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Entertainment law news this morning:
- Tomorrow should be an interesting court day for Jennifer Lopez. Her ex-husband Ojani Noa apparently intends to file a $100 million countersuit for blocking distribution of a proposed mockumentary that may include a real sex tape. Noa will also attempt to file the 11 hours of home video into the public record. A sex tape as evidence?
- Last week, the LA Times reported that “Pulp Fiction” screenwriter Roger Avary was tweeting from jail in the midst of serving a one-year sentence for vehicular manslaughter. The story caught the attention of correctional officers, who realized that Avary had been mistakenly assigned to a work furlough program instead of a higher security facility. He’s since been moved.
- A White House official recently compared censorship in China with the need for net neutrality rules to prevent corporations from acting as gatekeepers of free speech. “If it bothers you that the China government does it, it should bother you when your cable company does it,” said Andrew McLaughlin, deputy chief technology officer at the White House. The comment is troubling telecom execs.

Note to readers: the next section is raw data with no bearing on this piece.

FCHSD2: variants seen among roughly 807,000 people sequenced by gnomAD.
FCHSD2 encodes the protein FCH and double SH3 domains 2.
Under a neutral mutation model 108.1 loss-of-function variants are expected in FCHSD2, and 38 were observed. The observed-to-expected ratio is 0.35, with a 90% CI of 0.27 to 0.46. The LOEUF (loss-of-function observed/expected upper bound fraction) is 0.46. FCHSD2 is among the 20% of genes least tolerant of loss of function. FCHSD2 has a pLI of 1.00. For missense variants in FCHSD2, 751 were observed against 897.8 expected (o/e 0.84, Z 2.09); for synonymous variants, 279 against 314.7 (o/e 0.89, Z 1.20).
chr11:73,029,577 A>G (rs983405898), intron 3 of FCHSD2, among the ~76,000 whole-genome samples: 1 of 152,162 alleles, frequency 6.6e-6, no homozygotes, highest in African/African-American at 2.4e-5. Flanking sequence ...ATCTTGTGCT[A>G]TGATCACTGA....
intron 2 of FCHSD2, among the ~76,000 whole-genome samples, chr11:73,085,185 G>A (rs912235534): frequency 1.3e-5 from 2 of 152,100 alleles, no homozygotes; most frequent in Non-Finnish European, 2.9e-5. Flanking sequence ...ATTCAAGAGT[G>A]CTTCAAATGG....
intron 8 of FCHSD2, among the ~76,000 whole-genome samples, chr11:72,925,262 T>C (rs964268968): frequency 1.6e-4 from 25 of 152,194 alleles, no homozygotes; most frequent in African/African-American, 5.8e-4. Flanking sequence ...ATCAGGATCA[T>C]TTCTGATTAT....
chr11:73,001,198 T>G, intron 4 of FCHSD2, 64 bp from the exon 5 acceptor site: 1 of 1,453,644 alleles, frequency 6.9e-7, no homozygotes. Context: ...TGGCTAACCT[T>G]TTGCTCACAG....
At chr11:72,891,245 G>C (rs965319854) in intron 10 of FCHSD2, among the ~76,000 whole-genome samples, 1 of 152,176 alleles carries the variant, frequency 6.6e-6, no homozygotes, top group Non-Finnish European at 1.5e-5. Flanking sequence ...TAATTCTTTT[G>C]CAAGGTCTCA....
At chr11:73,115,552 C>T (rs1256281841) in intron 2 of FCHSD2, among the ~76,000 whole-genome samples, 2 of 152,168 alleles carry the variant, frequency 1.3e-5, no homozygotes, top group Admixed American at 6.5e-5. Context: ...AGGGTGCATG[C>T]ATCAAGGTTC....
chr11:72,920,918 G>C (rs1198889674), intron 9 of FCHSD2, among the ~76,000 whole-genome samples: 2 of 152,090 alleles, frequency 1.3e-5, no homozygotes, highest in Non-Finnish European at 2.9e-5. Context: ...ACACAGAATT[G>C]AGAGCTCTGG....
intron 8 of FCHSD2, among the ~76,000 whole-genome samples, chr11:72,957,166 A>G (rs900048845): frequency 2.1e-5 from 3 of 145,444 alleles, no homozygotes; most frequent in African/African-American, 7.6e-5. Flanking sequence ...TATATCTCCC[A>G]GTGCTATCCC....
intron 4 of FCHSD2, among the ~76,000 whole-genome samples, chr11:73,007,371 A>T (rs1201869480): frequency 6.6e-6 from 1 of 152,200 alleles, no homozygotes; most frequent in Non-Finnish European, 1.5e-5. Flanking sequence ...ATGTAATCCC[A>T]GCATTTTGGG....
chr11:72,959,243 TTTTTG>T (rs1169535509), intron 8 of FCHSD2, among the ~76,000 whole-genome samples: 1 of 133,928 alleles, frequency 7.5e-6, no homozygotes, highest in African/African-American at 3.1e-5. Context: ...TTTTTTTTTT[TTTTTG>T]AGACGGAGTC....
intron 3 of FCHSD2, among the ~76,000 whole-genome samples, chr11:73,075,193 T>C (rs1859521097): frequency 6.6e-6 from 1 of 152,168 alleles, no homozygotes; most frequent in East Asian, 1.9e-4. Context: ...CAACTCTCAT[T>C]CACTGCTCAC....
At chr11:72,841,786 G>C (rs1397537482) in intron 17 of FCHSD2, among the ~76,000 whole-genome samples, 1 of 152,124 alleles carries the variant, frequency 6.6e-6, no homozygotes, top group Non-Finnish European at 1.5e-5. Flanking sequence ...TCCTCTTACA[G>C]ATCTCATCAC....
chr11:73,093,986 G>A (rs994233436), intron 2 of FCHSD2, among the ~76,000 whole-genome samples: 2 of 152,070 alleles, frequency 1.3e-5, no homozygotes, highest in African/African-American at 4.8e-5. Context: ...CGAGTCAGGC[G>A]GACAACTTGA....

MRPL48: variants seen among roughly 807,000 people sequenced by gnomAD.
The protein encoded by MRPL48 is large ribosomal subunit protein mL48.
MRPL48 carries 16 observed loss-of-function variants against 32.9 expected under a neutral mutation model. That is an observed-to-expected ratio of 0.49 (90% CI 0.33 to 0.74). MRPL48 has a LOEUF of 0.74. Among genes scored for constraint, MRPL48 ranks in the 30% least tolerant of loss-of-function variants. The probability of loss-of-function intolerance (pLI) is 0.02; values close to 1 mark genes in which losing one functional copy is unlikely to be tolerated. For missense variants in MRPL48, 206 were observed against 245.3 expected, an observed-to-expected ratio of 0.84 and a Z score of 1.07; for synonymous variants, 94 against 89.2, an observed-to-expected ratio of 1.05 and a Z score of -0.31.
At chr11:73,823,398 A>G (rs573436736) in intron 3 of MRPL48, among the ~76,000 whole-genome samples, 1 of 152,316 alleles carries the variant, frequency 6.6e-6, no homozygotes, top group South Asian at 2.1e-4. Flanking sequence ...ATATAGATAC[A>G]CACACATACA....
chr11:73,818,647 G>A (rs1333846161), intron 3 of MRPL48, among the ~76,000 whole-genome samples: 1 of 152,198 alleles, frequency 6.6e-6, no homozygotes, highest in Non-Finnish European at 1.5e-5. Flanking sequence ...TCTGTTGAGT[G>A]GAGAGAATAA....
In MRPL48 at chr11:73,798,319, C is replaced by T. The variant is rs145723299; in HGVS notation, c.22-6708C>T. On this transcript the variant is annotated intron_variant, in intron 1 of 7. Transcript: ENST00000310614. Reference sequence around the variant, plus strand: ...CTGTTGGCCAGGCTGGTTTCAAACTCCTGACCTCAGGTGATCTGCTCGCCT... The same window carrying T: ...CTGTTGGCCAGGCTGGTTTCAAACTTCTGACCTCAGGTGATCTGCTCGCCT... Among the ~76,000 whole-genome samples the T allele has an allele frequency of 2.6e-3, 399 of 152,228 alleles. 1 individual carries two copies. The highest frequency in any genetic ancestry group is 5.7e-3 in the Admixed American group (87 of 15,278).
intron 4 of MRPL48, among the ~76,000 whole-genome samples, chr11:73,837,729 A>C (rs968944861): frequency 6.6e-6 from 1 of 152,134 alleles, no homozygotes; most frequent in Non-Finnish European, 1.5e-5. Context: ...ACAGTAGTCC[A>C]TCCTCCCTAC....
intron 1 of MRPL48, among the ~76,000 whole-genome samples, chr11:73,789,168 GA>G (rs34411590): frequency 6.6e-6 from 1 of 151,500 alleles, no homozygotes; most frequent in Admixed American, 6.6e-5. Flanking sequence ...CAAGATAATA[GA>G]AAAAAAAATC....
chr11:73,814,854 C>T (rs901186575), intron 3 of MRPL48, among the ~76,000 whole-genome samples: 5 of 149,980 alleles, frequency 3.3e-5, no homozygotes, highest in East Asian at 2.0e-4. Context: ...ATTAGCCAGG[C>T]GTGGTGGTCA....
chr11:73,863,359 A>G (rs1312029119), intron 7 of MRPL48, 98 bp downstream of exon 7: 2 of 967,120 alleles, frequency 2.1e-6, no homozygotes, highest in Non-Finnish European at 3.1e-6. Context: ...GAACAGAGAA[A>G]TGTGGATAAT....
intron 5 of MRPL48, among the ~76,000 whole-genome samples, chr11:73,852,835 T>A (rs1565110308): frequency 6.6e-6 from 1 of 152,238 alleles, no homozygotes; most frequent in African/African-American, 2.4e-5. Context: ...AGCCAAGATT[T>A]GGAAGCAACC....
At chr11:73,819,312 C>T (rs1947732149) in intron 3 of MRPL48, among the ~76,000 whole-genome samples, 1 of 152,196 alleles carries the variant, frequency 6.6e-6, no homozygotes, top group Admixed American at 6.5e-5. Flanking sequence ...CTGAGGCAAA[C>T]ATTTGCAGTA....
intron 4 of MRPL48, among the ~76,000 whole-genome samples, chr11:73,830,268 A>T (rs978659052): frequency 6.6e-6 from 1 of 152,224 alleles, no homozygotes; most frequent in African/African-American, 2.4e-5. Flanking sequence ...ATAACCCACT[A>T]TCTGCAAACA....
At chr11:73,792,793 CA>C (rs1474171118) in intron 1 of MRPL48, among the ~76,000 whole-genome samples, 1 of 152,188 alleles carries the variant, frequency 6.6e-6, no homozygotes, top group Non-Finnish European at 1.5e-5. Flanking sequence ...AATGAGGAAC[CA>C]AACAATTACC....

- A vision-impaired video gamer is suing Sony Corp, arguing that its virtual worlds violate the American with Disabilities Act. Alexander Stern says the games should add visual and auditory “cues” to help hum navigate online role-playing games. Before one dismisses him as just another guy trying to game the court system (like this), On Point’s Julie Edgar offers an interesting analysis about why Stern may stand a decent chance in court.
- Jared Leto is paying homage to legendary actress Olivia de Havilland for helping him in his attempts to defend a multi-million dollar lawsuit from EMI over claims his band 30 Seconds to Mars failed to produce an agreed number of albums. Leto says he plans to visit De Havilland in France to mark her landmark 1940s lawsuit that led to service contracts in California being ruled invalid after seven years.
- This isn’t about entertainment or media law, exactly, but since the topic of “substantial similarity” often bedevils studios in copyright cases, we find this article about how two crossword puzzles ended up almost exactly alike to be very interesting.
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